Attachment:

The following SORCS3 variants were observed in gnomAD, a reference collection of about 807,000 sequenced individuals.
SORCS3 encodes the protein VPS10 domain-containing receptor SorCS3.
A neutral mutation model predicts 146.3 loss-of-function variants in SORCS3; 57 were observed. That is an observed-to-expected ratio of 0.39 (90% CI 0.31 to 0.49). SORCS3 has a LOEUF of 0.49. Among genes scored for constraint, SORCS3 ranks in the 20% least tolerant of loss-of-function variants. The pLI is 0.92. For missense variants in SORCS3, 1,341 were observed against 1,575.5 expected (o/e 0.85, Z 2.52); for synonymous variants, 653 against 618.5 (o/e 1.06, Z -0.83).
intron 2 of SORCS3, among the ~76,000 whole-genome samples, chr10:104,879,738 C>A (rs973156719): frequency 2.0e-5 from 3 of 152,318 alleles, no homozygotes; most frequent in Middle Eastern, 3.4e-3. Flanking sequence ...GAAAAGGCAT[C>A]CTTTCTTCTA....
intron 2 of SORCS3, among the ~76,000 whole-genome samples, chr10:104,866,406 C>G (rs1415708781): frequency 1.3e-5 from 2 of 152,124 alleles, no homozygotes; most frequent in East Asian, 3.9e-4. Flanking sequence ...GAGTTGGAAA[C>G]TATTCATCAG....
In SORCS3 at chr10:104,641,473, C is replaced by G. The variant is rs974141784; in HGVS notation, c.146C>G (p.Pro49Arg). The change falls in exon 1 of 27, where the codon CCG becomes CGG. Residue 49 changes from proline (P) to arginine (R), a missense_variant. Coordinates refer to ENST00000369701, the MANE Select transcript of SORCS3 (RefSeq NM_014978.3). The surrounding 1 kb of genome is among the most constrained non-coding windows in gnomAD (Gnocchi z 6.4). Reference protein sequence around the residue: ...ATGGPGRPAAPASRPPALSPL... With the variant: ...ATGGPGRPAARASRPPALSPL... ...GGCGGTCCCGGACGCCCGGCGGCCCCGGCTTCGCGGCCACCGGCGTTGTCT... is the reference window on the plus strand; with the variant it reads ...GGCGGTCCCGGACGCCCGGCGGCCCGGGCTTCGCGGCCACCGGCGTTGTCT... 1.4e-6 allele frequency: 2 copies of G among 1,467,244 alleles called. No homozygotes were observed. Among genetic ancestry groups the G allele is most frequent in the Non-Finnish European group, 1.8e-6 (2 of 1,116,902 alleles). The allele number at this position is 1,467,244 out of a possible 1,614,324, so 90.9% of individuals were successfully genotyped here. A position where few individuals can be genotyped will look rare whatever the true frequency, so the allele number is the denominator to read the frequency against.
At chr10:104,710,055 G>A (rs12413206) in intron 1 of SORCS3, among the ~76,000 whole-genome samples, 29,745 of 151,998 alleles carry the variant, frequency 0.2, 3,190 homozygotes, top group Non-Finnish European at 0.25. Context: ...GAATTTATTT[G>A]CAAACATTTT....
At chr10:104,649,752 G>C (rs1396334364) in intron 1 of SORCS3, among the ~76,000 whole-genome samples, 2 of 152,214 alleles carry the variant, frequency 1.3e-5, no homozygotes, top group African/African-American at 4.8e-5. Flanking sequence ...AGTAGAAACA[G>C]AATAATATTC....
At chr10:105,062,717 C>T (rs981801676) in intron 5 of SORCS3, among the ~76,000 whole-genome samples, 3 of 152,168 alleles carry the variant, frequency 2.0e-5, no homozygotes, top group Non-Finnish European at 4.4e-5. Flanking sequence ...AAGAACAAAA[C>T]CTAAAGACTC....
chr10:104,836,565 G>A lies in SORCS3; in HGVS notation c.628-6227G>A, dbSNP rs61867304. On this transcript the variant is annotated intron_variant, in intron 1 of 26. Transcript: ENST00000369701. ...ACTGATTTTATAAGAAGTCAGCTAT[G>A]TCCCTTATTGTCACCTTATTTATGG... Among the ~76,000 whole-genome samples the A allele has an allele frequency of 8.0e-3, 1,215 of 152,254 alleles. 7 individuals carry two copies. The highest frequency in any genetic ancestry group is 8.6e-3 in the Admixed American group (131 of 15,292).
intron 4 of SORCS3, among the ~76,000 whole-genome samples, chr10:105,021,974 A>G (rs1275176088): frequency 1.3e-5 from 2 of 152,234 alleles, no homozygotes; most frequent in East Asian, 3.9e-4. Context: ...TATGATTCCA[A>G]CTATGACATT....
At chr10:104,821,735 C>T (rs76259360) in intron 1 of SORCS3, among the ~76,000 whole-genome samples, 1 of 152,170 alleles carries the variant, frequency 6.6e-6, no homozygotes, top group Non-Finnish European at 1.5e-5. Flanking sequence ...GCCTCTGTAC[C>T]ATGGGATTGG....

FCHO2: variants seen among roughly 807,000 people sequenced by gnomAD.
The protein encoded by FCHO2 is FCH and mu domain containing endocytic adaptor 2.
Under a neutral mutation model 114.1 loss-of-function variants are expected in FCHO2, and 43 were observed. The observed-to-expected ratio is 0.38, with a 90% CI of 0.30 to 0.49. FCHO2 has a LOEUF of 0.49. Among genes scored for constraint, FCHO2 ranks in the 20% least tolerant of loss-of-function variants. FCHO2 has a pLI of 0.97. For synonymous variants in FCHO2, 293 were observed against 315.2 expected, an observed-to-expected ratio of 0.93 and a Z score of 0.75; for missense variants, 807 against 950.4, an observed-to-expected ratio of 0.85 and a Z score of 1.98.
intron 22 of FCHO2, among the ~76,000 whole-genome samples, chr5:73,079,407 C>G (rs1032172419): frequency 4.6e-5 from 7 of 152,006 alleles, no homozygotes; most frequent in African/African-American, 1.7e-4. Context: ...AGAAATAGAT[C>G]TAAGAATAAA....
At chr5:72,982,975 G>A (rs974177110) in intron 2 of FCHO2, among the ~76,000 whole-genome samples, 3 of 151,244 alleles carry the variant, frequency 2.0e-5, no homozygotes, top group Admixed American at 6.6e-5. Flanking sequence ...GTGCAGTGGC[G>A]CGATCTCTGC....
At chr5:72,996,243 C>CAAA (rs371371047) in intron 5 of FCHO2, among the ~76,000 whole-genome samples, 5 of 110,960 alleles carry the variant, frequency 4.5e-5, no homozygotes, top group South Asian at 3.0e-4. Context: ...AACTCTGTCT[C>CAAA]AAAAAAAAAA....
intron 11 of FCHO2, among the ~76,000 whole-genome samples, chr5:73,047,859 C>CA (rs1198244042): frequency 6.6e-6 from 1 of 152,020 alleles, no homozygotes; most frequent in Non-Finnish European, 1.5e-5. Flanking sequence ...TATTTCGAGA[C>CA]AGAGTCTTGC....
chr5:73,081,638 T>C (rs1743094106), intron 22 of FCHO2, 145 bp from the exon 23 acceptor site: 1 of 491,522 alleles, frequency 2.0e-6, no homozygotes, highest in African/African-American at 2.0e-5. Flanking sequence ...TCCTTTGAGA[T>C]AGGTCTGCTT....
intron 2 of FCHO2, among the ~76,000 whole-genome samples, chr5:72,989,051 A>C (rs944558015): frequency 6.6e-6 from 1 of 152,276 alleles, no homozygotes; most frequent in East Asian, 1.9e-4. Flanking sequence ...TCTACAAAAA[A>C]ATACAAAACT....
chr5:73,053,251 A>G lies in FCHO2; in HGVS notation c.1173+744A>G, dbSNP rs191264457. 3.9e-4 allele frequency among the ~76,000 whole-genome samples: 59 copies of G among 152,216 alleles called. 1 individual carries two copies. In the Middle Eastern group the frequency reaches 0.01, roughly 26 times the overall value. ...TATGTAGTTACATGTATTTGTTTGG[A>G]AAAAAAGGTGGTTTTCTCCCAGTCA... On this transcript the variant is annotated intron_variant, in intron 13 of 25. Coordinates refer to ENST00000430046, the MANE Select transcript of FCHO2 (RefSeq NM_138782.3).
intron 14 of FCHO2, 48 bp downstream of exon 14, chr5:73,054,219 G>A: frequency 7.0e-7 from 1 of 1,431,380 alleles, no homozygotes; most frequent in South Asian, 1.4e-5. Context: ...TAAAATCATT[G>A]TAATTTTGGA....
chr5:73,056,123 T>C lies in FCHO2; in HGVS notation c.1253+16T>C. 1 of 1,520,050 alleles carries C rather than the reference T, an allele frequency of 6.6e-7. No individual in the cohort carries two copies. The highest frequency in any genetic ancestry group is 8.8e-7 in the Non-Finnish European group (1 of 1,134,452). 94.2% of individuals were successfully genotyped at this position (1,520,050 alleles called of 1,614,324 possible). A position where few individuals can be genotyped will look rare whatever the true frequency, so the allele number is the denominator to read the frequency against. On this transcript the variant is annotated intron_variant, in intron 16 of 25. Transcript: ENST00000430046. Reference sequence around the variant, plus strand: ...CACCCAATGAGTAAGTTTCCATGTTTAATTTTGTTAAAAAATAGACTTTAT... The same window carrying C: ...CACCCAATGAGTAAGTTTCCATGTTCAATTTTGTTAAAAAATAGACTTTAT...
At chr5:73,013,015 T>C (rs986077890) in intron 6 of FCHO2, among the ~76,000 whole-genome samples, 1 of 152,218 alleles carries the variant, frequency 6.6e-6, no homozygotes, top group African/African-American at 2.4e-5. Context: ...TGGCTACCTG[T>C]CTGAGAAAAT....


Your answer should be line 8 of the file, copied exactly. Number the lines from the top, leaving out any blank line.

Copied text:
At chr10:104,649,752 G>C (rs1396334364) in intron 1 of SORCS3, among the ~76,000 whole-genome samples, 2 of 152,214 alleles carry the variant, frequency 1.3e-5, no homozygotes, top group African/African-American at 4.8e-5. Flanking sequence ...AGTAGAAACA[G>C]AATAATATTC....